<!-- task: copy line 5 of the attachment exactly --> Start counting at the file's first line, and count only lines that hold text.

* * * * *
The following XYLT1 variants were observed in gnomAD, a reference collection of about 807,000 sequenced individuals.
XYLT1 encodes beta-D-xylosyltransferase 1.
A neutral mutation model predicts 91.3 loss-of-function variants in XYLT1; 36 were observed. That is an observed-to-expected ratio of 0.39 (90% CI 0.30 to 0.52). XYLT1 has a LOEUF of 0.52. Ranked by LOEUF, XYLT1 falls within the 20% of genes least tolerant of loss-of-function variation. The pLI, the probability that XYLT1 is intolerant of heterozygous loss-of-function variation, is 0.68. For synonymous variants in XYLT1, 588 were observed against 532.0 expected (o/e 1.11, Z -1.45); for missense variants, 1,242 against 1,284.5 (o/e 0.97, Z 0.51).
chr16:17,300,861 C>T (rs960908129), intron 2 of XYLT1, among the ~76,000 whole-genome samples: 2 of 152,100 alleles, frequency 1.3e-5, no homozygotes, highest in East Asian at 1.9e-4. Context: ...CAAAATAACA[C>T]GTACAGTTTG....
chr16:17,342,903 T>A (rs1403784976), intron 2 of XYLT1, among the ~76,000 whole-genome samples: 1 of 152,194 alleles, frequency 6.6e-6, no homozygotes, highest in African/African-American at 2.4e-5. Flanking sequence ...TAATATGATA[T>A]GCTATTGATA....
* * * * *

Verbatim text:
chr16:17,342,903 T>A (rs1403784976), intron 2 of XYLT1, among the ~76,000 whole-genome samples: 1 of 152,194 alleles, frequency 6.6e-6, no homozygotes, highest in African/African-American at 2.4e-5. Flanking sequence ...TAATATGATA[T>A]GCTATTGATA....